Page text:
Mixed media artist Marionne Contreras whose work dissects the minutiae of perception and the imperfection of observation through a play between the visual and the tactual, was born in 1992. She has a background in Dental Medicine and fashion design but is now an artist full-time. A defining moment of the self-taught artist was her one-person exhibition in the Cultural Center of the Philippines called “A Collection Of Bruises, Curses, Baby Teeth” in 2018.

She works with a diverse range of materials such as fiberglass installations, textile-based soft sculptures, drawings, neon signage, acrylic paintings on wood, and mixed media assemblages. As of late, she has been presenting a lot of yarn and fabric-based works. The essence of which is often of memory, intimacy, femininity, synthesis between fiction and reality. Her focus on textile-based works as a result of having her first child. She veered away temporarily to pieces that needed the use of toxic materials such as fiberglass, epoxy, and silicone. She says, “I decided then to focus on textile-based works and soft sculptures, but I didn’t give up on the plaster and concrete purely for self-satisfaction, as I always opt for different textures.” 

Marionne’s show at Vinyl on Vinyl Gallery, called “Cockatoos, Scabs, and other Tchotchkes”, presents an evocative, at the same time playful come back to the idea that the structural foundation of art is beauty. The works on view are guided by the reality of suffering and sadness in one’s life but should be made beautiful.

Her captivating works “Sick Man in Jinguashi” and “A romanticization of an hour-long motorcycle ride (are we there yet?)”, both embroidered landscapes that appear in a window-like vantage explore the search for beauty in nature. This allows the audience to dwell on the idea of a breathtaking place without a promise of actually being there.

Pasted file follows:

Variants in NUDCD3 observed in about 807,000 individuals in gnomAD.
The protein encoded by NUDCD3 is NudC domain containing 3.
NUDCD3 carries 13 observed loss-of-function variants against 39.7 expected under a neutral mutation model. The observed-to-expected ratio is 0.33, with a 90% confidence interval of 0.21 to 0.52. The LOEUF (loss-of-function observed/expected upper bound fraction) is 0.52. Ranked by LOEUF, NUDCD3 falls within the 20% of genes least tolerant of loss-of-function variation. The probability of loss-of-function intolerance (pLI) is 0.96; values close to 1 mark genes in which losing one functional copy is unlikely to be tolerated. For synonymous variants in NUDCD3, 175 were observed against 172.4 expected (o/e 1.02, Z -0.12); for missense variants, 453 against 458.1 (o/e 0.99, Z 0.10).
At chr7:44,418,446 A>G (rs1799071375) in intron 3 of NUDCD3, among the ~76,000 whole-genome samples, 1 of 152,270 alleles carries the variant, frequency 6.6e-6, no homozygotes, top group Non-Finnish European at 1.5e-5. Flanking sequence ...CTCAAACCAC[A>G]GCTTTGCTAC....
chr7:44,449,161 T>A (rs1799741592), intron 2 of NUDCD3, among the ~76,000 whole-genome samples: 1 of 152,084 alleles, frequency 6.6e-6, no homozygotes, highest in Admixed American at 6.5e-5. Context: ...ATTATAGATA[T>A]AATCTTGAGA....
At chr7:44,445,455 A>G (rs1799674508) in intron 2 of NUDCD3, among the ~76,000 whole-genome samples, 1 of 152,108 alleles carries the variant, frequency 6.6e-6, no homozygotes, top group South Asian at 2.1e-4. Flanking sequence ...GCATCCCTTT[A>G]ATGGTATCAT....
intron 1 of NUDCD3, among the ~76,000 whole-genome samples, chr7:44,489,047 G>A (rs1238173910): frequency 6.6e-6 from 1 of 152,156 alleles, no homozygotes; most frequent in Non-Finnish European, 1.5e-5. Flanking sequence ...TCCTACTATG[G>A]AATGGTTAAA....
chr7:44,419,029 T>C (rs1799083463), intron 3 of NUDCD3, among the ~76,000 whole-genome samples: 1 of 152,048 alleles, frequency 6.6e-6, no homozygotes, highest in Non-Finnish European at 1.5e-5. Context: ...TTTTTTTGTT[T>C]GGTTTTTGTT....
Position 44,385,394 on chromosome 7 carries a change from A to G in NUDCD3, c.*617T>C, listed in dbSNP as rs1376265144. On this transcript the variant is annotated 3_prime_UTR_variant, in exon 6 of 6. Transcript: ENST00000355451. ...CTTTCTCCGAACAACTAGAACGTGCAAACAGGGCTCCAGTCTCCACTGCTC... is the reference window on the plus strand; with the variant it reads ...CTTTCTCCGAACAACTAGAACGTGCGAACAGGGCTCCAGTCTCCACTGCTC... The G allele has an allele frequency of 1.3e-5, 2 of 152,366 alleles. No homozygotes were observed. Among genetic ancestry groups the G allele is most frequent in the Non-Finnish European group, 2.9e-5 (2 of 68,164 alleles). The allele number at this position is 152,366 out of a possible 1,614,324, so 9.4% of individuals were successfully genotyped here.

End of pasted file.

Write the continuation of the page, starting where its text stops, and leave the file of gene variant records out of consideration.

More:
A key piece in this exhibit is a 72 inch stunning, embroidered work called “River in the backyard (or how to will bridges gone).” Another highlight of the show is a tapestry of a Cockatoo that shows beauty by turning towards nature. The very detailed “Galah (poster-bird of hello ugly how are you)” is augmented by embroidered photographs of other birds and nest sculptures that resemble a sense of a crucial relief sought after by an animal from its shelter.

Her “Scab” series made of Yarn, primary carpet fabric, and wood echoes an endless “scab state” people are currently faced with — a period between having a wound and healing from it.

Marz Alglipay states, “Contreras acknowledges the context of her work being borne out of the lockdown. In this line of thinking, making beautiful things can’t always be a refuge. Cockatoos, Scabs, and other Tchotchkes open up their viewers to sentiments on beauty as a salve to what we have no control over. It makes for a worthwhile occasion of conversance, as living can be the shortest most difficult task one can do, but it can be done with grace.”

“Cockatoos, Scabs, and other Tchotchkes”
 is on view now at Vinyl on Vinyl Gallery, La Fuerza Compound, Chino Roces Avenue Makati.

Notes about the Contributor

Daniel Lampa

Art enthusiast and into Fashion, French Culture, Mid-century modern design and spends a lot of his time curating his home in Manila and LA. He lives with his 3 dogs, Coco, Yohji, and Junya.